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Issue: LAMBDA-LIST-DUPLICATES (Version 1)
- To: CL-Cleanup@SAIL.Stanford.EDU
- Subject: Issue: LAMBDA-LIST-DUPLICATES (Version 1)
- From: Kent M Pitman <KMP@STONY-BROOK.SCRC.Symbolics.COM>
- Date: Mon, 7 Mar 88 15:06 EST
References: 5.1.2 Variables (pp55-56)
5.2.2 Lambda-Expressions (pp59-65),
LET* (p111-112), PROG* (pp131-132)
Edit history: 07-Mar-88, Version 1 by Pitman
Related Issues: DECLARATION-SCOPE
Status: For Internal Discussion
CLtL forbids binding the same variable more than once in the same
binding form. This rule is claimed by some to be overly restrictive
because there are some well-defined situations in which it would be
useful to duplicate a variable name in the same binding list.
Allow variable names to be repeated in situations where bindings are
sequential and the binding construct is non-iterative (specifically,
in the &AUX part of a normal lambda list, in the bindings of LET*, and
in the bindings of PROG*).
((LAMBDA (B &AUX (B (+ B 1)) (B (+ B 1))) B) 0) => 2
(LET* ((B 0) (B (+ B 1))) B) => 1
(PROG* ((B 0) (B (+ B 1))) (RETURN B)) => 1
Because these bindings are inherently sequential and non-iterative, there
would no ambiguity about the intended scope bindings, and it is sometimes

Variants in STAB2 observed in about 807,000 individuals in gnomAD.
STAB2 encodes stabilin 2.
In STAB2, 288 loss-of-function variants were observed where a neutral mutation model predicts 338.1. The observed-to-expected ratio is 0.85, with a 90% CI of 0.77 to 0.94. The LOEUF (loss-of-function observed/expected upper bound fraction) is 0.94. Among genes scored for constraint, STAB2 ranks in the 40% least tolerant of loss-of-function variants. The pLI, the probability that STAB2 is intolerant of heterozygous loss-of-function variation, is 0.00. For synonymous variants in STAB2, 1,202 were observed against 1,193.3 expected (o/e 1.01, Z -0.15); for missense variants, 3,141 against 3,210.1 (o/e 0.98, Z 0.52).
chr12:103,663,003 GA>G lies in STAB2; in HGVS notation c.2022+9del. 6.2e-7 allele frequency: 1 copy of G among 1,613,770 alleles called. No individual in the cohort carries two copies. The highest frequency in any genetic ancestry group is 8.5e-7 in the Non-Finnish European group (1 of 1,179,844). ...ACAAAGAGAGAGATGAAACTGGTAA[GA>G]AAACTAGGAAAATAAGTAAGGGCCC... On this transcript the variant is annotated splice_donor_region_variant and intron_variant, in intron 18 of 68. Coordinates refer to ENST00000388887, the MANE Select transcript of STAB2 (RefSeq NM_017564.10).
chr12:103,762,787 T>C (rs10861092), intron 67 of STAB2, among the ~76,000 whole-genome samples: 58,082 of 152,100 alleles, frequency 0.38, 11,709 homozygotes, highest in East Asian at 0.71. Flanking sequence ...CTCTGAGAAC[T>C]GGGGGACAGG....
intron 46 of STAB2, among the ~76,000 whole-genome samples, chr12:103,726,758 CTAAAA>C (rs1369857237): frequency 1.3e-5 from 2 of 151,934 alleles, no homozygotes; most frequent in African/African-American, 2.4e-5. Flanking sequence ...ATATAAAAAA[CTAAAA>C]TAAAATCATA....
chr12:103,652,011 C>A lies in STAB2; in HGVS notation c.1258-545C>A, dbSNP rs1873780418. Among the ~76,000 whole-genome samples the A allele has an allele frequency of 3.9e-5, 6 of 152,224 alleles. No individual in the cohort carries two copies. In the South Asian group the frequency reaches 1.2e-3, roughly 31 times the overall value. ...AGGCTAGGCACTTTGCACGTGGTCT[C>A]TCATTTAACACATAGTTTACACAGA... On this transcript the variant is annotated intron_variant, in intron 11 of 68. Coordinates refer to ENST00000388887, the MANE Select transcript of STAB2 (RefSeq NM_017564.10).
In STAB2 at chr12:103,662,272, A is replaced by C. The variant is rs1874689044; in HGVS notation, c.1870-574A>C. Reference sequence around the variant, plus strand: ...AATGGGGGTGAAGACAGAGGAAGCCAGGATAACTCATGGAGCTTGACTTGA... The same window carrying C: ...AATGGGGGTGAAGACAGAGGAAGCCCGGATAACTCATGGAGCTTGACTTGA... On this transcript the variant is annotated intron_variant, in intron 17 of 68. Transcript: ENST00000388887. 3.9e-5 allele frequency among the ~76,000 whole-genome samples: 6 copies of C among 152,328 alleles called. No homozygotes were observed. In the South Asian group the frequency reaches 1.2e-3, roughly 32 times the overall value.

useful to repeat the name of a binding when doing various kinds of
encapsulations or successive refinements to the same value.
The intent of duplicated bindings in "parallel binding" constructs like
LET or iterative constructs like DO* is less easy to predict, so it is
not proposed that the current rule be relaxed for such constructs.
The Symbolics implementation currently checks for this case and
signals an error.
Cost to Implementors:
Converting would be relatively easy, but not completely trivial.
There is some interaction with declaration processing which becomes
involved, too (see issue DECLARATION-SCOPE).
Cost to Users:
None. This is an upward-compatible change.
Cost of Non-Adoption:
Some useful expressional style would be lost.
A useful expressional style would be made available.
The rule for variable duplication would be more syntactically complex
but pragmatically simpler.
A request for a discussion of this issue came from the Japanese community.
Pitman drafted this formal proposal and supports